- The Washington Times - Wednesday, November 12, 2003

It would be beautiful: Fullback-turned-tailback Rock Cartwright gets his first NFL start against good friend Stephen Davis, also once converted by the Washington Redskins from fullback to tailback.

But it’s not yet to be. Last weekend’s concussion to starting fullback Bryan Johnson forced Cartwright to take most of the snaps at fullback yesterday, and although Johnson is probable for Sunday’s game against Davis’ Carolina Panthers, Redskins coach Steve Spurrier wasn’t ready to say if Cartwright would start.

Of course, Spurrier also didn’t dampen speculation that Cartwright’s 13-carry, 81-yard performance in Sunday’s win over Seattle earned him the job over Trung Canidate.

“Rock could play a lot at tailback,” Spurrier said. “We’ll talk about it as the week goes. There’s certainly a chance that Rock will play a whole lot more.”

Starting against Davis would be particularly special for Cartwright, a diminutive 2002 seventh-round pick by Washington who continues to impress with his play-making ability and toughness.

Davis and Cartwright became very close a year ago in their only season together, the veteran even inviting the rookie home for Christmas. These days they stay in touch several times a week even though they’re on different teams.

“Me and Stephen are like the best of friends,” Cartwright said. “We spent a lot of time together off the field. I look at Stephen as my big brother, and I look at him as a role model also.”

Davis played fullback for Washington in 1998 after several years backing up Terry Allen, then beat out Skip Hicks for the tailback job in 1999. Then came three straight seasons of more than 1,300 yards, two Pro Bowl appearances and the Redskins’ No.3 career total for rushing yards (5,790).

Now Davis is pleased to see his young friend showing a bit of the same potential.

“I’m happy for him and proud of him,” Davis said. “He’s worked hard to be in the position he’s in.”

Russell in shape?

Two days after Spurrier questioned the conditioning of defensive tackle Darrell Russell, defensive coordinator George Edwards attributed Russell’s plateaued snaps to Seattle’s personnel groupings.

Russell, signed two weeks ago to the prorated portion of a one-year, $1.5 million contract, was expected to get increased activity against the Seahawks after getting in for about 20 plays in his Redskins debut at Dallas. But his snaps didn’t increase, and he wasn’t much of a factor in Washington’s win.

“We had hoped to increase his reps this past week,” Edwards said. “But the situation turned into a ‘sub’ game, and he didn’t take all the sub reps. We were sort of trying to get a pass rush and rotate guys in there. … We look to increase his reps this week. He’s done well in terms of what we’ve asked him to do.”

There has been some criticism around the league of Washington’s decision to sign Russell quickly without working him out. Last night vice president of football operations Vinny Cerrato said the Redskins “knew exactly where he was” in terms of conditioning.

“He’s got to play himself into condition,” Cerrato said. “Football conditioning is a lot different from running conditioning. Each week he’s going to get better and better. That’s normal.”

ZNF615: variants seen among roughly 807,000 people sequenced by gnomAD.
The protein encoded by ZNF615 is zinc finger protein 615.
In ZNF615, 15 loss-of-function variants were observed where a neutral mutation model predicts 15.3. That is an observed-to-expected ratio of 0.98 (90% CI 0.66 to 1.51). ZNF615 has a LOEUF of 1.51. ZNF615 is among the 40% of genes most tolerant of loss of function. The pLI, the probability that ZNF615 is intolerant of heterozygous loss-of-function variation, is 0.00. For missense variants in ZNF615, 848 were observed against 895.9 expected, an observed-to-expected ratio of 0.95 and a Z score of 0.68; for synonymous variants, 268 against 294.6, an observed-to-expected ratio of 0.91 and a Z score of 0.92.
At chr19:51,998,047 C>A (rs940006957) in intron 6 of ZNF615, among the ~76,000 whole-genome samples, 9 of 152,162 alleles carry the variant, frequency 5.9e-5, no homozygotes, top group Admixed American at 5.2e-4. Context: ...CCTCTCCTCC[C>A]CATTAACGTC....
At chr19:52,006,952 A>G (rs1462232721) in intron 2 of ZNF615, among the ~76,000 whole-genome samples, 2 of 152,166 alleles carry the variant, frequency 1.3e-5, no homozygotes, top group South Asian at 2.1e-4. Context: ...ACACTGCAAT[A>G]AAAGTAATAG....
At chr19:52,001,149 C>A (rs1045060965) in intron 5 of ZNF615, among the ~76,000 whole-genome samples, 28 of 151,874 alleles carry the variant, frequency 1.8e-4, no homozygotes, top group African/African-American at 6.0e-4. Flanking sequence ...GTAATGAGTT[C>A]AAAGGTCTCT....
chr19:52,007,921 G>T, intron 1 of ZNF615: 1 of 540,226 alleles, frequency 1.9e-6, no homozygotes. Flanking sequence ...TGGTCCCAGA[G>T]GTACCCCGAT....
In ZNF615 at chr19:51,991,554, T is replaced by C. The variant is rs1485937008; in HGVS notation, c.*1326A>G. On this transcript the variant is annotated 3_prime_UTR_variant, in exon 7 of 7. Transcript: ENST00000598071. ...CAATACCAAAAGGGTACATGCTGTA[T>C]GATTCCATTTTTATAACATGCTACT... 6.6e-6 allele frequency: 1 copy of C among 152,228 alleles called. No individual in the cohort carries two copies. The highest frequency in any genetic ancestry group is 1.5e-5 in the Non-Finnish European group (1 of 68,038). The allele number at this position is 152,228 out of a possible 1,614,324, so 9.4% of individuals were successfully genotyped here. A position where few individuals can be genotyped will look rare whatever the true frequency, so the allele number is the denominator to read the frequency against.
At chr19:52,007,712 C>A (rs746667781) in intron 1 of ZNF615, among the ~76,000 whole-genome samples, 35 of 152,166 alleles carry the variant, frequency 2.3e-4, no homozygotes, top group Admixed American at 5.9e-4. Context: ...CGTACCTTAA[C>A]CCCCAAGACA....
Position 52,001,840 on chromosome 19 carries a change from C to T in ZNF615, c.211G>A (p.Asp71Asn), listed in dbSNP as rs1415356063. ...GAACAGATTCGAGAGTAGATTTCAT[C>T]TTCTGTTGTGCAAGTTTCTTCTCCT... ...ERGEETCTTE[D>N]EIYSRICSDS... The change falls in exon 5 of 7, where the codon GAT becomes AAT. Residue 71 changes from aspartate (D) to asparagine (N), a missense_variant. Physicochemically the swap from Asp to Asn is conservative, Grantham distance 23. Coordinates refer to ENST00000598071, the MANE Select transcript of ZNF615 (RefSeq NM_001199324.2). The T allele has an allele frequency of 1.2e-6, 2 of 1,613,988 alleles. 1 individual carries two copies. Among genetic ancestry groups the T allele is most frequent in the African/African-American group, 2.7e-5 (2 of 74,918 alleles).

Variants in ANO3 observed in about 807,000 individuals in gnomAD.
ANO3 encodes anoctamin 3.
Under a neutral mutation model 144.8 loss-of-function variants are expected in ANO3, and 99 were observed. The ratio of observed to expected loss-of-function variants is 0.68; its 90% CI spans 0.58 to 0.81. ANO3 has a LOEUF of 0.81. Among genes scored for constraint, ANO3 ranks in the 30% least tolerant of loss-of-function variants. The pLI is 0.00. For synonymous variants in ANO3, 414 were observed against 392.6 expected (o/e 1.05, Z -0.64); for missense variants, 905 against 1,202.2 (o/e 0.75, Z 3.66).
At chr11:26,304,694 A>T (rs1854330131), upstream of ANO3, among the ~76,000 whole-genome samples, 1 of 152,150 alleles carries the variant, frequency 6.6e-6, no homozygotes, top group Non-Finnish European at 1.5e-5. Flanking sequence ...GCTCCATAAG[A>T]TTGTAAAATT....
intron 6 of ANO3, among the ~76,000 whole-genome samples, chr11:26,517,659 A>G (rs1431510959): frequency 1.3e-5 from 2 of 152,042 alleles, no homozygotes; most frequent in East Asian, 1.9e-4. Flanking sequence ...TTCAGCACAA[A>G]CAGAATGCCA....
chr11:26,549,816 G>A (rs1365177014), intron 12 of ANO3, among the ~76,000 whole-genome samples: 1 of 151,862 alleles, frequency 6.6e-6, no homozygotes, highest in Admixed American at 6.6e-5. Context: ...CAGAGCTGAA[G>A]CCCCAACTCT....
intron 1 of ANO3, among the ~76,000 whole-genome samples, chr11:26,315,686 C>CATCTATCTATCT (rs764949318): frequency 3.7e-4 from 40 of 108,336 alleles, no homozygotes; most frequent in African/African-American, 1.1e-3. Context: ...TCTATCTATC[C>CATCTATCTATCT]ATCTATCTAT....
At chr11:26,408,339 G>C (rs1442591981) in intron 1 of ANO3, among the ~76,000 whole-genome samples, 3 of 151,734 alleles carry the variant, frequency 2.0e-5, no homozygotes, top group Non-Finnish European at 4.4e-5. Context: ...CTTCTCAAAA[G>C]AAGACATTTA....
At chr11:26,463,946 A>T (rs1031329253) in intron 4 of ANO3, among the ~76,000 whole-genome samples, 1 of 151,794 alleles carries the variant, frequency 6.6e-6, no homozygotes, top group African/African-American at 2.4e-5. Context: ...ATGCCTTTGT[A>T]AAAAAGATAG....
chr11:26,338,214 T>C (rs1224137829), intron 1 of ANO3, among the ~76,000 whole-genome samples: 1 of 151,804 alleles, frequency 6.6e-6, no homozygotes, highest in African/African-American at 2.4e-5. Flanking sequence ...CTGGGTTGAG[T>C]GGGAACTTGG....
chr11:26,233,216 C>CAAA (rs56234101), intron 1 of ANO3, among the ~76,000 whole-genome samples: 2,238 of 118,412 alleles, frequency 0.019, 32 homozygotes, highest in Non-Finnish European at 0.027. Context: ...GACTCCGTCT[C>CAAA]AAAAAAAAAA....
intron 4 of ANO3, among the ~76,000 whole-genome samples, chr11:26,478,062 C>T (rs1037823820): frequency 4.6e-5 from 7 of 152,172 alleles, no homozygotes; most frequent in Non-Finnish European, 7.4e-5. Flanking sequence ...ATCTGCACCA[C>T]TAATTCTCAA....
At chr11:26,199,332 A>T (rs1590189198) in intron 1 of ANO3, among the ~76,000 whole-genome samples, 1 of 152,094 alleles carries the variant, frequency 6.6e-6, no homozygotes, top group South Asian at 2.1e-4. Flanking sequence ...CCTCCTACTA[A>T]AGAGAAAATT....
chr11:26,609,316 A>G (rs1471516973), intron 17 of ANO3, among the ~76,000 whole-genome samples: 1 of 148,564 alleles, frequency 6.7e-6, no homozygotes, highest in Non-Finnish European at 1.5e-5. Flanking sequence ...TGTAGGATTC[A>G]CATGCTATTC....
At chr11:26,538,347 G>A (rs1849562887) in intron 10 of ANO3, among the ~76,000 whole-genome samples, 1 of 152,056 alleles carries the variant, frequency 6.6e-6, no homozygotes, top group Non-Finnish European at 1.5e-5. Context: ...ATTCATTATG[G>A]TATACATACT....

Russell called himself “75 percent” and said he “can hold [his] own” but that he aims to be in better shape.

“My weight’s not particularly where I want it to be, but I think I’m getting there,” Russell said. “I got a big chunk of my mojo back this last Sunday. We’ll see where it goes from there. But in a short amount of time, I’ve gotten very comfortable.”

Jimoh not out

Despite two more noticeable gaffes Sunday, rookie cornerback Ade Jimoh remains part of Washington’s defensive backs rotation. Part of the reason is injuries: No. 3 corner Rashad Bauman is questionable with a sprained ankle after missing the past two games.

“Right now, we’re still playing him,” Edwards said. “It just depends on the personnel group. We’ve got to match personnel to personnel. If they come out in four wides, you can’t line up with a bunch of defensive linemen.”

On Sunday, Jimoh incurred a personal foul for pushing Seattle’s kickoff returner out of bounds, and he and safety Matt Bowen got crossed up on a receiver in motion and left Bobby Engram wide-open for the Seahawks’ first touchdown. The mistakes followed two long touchdowns allowed in limited snaps early this season.

“It seems like all of his plays for the Redskins so far have been bad plays,” Spurrier said. “We think there’s hope for him. Hopefully, he’ll make a good play before the season’s over.”

Jimoh said Sunday’s two mistakes were “nothing to worry about” and that he has lost no confidence.

Extra points

Running back Ladell Betts (forearm), center Larry Moore (foot), Bauman, defensive tackle Jermaine Haley (thumb/shoulder), safety Andre Lott (ankle), return man Chad Morton (ankle), wide receiver Laveranues Coles (toe), defensive end Bruce Smith (thumb/knee) and cornerback Fred Smoot (chest) all skipped practice.

Betts won’t play at Carolina. Moore probably will be replaced by Lennie Friedman for a second straight week. Bauman, Haley, Lott and Morton are questionable, while Coles, Smith and Smoot should be fine. Also of note, safety Matt Bowen practiced despite a concussion Sunday and should play. …

The Redskins re-signed offensive lineman Mitch White and moved offensive lineman Pita Elisara to the practice squad.

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